The organization’s major achievement has been in convincing sources of food and grocery items that they will not be subject to liability, that the food banks will handle the food safely, that the product can be tracked in the event of a recall, and that it is going to a good cause.
This has been accomplished, in part by the passage of the national Bill Emerson Good Samaritan Food Donation Act, which protects companies from criminal and civil liabilities as long as they donate in good faith. But it has been primarily accomplished by the establishment of food-handling training and certification programs, developed in cooperation with the Food Marketing Institute and the Grocery Manufacturers of America.
America’s Second Harvest distributes an Operating Membership manual which all food banks must follow and against which they are monitored for compliance. In spite of the vulnerable population served (older, poorer, often in poor health), there has not yet been a case of foodborne illness traced to a food bank served by America’s Second Harvest.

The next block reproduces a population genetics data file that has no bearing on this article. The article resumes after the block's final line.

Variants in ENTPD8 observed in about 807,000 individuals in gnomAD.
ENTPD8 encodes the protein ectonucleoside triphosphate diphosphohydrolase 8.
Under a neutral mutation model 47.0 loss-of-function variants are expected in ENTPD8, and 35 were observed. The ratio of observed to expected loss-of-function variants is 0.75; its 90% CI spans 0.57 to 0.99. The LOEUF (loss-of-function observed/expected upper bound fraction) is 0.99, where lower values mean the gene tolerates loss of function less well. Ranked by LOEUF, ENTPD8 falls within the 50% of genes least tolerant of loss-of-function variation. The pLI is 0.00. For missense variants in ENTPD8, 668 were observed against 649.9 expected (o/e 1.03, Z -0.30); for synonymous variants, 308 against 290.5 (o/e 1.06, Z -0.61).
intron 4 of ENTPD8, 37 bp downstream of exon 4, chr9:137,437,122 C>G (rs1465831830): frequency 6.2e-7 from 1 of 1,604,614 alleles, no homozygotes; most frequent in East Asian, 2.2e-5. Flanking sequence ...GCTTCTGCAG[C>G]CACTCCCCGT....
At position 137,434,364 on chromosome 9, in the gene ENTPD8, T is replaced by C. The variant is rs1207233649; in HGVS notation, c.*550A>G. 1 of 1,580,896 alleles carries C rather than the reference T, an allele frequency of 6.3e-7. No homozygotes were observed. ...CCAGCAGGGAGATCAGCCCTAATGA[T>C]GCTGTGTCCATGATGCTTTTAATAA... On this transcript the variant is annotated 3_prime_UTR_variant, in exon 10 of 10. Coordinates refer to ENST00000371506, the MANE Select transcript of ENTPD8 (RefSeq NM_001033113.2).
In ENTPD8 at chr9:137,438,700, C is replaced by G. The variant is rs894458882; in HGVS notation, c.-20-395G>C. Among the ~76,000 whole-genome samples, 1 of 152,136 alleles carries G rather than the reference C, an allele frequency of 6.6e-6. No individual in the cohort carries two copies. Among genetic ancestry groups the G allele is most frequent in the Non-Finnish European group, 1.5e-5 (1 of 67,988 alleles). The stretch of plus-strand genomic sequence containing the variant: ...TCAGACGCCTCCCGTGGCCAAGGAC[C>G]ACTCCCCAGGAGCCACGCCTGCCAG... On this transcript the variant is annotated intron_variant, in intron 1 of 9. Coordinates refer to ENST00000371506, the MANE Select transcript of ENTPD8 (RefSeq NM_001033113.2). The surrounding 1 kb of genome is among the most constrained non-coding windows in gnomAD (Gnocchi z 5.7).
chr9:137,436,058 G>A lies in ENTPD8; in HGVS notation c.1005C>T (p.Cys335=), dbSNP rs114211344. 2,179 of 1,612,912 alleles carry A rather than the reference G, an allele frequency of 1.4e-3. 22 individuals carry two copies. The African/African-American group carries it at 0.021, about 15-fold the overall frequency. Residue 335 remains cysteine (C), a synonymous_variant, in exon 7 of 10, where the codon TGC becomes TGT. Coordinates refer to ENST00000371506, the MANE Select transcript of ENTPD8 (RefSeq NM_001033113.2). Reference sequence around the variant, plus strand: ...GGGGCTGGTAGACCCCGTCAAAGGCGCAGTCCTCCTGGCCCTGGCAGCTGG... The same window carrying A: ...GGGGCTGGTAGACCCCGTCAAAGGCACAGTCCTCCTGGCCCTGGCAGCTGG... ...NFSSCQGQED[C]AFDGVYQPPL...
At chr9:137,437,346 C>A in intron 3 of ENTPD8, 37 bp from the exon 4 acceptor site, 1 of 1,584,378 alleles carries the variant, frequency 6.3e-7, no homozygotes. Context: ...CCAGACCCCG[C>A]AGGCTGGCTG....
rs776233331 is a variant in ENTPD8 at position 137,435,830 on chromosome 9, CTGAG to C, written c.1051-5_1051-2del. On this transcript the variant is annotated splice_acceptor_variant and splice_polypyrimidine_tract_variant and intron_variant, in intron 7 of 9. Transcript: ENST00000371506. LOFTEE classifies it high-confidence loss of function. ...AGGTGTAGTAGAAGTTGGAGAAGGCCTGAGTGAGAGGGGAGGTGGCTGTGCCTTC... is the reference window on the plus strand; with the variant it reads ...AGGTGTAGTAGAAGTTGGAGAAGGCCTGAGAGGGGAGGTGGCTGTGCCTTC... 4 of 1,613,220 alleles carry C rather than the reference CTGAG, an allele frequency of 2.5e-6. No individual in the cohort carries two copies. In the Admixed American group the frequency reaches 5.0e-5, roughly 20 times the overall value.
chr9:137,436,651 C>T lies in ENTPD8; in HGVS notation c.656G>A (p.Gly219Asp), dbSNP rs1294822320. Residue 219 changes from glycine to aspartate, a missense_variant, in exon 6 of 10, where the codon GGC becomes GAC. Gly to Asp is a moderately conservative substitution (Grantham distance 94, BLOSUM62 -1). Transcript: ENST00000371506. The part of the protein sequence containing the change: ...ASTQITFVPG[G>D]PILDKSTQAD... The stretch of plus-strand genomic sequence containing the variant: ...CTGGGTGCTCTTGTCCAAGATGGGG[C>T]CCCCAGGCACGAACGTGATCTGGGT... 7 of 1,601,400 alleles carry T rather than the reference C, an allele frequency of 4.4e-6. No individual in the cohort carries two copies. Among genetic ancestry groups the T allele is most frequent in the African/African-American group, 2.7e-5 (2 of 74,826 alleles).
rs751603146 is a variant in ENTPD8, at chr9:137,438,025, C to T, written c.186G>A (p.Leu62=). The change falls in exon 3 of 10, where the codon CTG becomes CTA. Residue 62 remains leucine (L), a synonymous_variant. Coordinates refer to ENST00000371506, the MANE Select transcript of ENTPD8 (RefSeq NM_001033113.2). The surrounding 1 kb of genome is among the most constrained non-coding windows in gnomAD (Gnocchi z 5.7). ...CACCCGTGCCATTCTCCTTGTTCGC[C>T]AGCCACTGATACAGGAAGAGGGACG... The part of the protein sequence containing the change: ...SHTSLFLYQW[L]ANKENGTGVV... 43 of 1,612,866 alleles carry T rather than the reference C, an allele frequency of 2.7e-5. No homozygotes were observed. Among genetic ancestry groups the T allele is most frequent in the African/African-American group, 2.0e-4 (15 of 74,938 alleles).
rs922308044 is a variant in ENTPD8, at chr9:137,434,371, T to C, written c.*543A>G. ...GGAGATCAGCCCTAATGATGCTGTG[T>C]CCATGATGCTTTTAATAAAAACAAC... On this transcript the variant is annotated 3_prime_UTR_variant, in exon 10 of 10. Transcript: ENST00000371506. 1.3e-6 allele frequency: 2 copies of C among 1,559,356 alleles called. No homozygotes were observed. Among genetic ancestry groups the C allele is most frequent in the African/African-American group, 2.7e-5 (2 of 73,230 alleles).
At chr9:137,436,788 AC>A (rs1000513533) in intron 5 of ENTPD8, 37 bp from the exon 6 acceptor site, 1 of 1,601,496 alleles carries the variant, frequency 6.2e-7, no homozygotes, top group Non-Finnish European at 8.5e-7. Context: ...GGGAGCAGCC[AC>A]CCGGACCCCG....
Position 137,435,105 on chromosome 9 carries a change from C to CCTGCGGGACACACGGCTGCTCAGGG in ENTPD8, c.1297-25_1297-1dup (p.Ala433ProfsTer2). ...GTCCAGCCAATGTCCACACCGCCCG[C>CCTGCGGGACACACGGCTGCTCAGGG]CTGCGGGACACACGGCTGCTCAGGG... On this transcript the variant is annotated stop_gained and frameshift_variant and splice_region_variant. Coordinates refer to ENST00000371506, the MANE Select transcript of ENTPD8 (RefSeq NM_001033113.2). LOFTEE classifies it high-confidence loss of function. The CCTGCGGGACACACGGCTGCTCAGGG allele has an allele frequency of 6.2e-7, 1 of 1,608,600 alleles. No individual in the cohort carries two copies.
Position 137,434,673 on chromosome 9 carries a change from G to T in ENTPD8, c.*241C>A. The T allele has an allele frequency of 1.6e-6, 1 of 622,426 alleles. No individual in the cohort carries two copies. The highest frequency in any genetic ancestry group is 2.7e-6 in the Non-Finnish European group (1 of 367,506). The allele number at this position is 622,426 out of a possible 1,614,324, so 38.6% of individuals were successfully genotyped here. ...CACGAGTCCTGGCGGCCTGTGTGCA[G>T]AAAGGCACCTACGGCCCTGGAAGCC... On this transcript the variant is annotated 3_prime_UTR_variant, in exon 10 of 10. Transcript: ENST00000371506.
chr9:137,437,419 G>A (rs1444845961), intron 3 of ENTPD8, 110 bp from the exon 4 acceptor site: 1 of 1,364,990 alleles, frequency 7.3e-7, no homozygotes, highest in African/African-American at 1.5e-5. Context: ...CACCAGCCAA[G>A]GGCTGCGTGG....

In the aftermath of Hurricane Katrina last September, the organization arranged for shipment of 53 million tons of food, many pooled from member food banks, to the surviving food banks in the area and those affected by the influx of thousand of evacuees. Because power was disrupted, it was not helpful to send refrigerated or frozen food, so much of the supply was canned or dry. When it was realized that there were not enough can openers, a retailer donated 3,000 upscale can openers.